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Alerts - Overview #

When something goes wrong in your system, you want to know! This is where Kamon APM alerts come in. The core concept of alerts is simple - you set up a metric and the aspect of it you want to keep track of, and you specify a threshold. If the threshold is crossed for a specified amount of time, the alert is triggered. From that point until the alert goes back past the threshold again is considered a single incident. Incidents are recorded even if they have not been resolved, and as marked as ongoing. An alert with an active incident is considered on fire.

Alerts are always linked to a data source. This data source is a metric, and it can be from either a service that sends data to Kamon APM, one of your hosts, or an internal metric of Kamon APM itself. You can read more about them in the chapter about creating alerts. These alerts determine the state of the data source they are connected to - if any of the alerts connected to a service has an ongoing incident (also known as on fire), the service has the severity state of that alert. If multiple alerts are on fire, the most severe alert is considered. If no alerts are specified, or none are on fire, the service is considered healthy.

Alert Triggers #

Alerts in Kamon APM have triggers, which are conditions under which an alert should be considered active. Triggers are defined as a combination of the following:

  • A measure of the metric
  • A comparison (one of ==, <, >, <=, >=)
  • A threshold to compare to

If the expression evaluates to true for a sufficiently long time period, the alert is considered to be active, its status changes, and notifications start getting sent out if the alert is configured to do so.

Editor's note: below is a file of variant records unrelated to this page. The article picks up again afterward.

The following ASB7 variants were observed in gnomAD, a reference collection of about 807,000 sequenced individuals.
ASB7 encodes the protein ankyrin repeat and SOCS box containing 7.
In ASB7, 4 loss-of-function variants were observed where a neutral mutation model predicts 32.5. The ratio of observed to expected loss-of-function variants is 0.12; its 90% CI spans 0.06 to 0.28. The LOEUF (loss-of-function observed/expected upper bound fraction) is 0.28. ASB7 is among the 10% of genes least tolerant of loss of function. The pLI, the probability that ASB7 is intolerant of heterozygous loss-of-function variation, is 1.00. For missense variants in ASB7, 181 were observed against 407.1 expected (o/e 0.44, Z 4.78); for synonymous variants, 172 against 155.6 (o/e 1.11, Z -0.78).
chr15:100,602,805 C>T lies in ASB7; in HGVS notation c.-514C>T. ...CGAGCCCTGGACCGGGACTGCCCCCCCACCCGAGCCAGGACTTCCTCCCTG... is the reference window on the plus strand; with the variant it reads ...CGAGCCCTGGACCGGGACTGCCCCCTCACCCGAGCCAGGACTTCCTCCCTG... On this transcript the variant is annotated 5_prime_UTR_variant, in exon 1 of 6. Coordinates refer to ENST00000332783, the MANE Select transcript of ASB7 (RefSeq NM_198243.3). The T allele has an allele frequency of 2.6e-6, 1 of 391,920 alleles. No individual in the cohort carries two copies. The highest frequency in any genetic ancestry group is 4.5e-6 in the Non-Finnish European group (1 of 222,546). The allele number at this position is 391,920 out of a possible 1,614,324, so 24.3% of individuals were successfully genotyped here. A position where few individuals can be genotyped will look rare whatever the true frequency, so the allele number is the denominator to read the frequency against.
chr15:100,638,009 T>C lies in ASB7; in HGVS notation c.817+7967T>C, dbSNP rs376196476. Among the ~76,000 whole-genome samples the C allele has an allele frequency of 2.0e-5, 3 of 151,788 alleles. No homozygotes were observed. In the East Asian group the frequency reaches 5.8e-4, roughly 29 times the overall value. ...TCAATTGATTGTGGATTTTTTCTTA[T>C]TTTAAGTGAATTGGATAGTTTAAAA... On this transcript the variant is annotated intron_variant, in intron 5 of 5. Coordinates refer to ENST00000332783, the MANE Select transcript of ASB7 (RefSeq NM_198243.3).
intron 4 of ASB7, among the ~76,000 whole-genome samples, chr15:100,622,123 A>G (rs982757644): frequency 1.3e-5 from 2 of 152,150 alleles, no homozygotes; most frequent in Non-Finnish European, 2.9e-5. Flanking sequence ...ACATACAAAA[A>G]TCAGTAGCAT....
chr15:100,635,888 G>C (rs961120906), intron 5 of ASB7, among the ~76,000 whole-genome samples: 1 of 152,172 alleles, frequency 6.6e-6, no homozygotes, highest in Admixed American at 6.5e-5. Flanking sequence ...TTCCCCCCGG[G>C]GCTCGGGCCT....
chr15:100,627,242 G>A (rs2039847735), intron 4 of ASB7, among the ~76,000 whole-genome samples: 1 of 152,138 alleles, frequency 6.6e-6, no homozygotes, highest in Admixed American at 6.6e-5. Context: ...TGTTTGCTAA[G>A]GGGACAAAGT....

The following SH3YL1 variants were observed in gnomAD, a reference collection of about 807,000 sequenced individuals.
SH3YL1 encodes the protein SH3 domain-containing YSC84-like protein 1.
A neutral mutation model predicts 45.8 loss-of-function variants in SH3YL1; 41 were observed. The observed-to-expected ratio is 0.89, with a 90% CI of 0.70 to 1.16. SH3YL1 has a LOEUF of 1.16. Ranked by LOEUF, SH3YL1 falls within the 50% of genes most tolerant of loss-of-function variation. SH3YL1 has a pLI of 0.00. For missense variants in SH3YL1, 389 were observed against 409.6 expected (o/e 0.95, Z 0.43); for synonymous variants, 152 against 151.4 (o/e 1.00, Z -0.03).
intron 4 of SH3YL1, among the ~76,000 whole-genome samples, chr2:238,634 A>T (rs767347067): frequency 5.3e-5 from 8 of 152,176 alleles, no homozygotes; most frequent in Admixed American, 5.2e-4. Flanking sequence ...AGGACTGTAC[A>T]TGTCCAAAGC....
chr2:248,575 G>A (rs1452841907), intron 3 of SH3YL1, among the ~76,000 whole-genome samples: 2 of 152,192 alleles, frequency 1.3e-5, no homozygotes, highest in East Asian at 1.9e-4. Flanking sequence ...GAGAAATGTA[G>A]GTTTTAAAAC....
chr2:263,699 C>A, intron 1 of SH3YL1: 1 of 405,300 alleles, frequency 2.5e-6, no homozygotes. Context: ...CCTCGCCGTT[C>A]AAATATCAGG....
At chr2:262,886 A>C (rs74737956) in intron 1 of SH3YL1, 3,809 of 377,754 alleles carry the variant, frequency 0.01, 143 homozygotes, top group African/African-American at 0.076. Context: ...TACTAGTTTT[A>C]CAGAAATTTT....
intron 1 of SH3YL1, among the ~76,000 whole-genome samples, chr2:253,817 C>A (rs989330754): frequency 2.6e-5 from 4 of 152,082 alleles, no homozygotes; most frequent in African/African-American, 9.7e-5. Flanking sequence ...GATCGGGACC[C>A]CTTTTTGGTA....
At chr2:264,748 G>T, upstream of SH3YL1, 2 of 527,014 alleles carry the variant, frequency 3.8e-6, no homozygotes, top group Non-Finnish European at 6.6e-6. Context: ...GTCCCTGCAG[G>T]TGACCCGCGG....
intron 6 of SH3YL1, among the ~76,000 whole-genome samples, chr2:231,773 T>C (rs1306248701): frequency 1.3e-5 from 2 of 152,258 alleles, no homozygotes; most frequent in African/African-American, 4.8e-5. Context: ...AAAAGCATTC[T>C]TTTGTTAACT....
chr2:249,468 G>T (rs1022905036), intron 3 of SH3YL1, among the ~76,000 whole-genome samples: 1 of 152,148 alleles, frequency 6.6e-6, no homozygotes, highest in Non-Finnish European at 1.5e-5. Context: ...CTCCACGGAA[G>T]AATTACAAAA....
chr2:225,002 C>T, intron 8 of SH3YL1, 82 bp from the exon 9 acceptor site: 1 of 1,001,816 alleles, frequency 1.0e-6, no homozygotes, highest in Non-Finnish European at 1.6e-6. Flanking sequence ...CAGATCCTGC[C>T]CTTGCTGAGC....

Measures #

A measure is a certain aspect, or aggregation, of a metric’s value. To configure alerts, we need data points through time. This is a simple matter of counters, but with other metric instruments Kamon APM allows you more flexibility. Depending on the instrument type you are dealing with, you can select one of the following measures for the metric:

  Counter Gauge Range Sampler Timer Histogram
Count
Throughput
Sum
Min
Max
Meadian
Mean
Percentile

Note: Any percentile can be chosen, as a number.

Alert Severity #

Alerts can have two different states of severity: Warning and Critical. Other than their relative importance, there is one more crucial difference. Critical alerts can trigger notifications to outside channels. Warnings will exclusively be visible inside of Kamon APM, and are not considered severe enough to wake you up in the middle of the night.

Alert Availability Target #

Alerts may have a certain availability target set up. An availability target is a constraint that the alert must be healhty for a certain percentage of time, inside a certain time window. For example, you may demand that an alert be healthy 99% of the time in every one week period. You can learn more about setting up availability targets in the chapter on creating alerts, and more about where you can see them in chapters about the alert drawer and alert lists.

Alert Evaluation Period #

All alerts need to specify an amount of time for which their condition needs to apply for the alert to be considered active and trigger a new incident. This evaluation period is always a positive integer and specified in minutes, with a minimum of one minute. The reasoning behind is that a small spike or drop might not be a real problem, but prolongued continuation of the same circumstances might be. With the evaluation period, you can configure the “sensitivity” of the alert to match only conditions that you need to react to.

The alerts you configure should always be actionable. If something does not merit attention or reaction for you or your team, it should probably not be an alert. Warnings can point out potential future issues or minor problems, while Critical alerts can send out notifications and should be something that merits instant attention.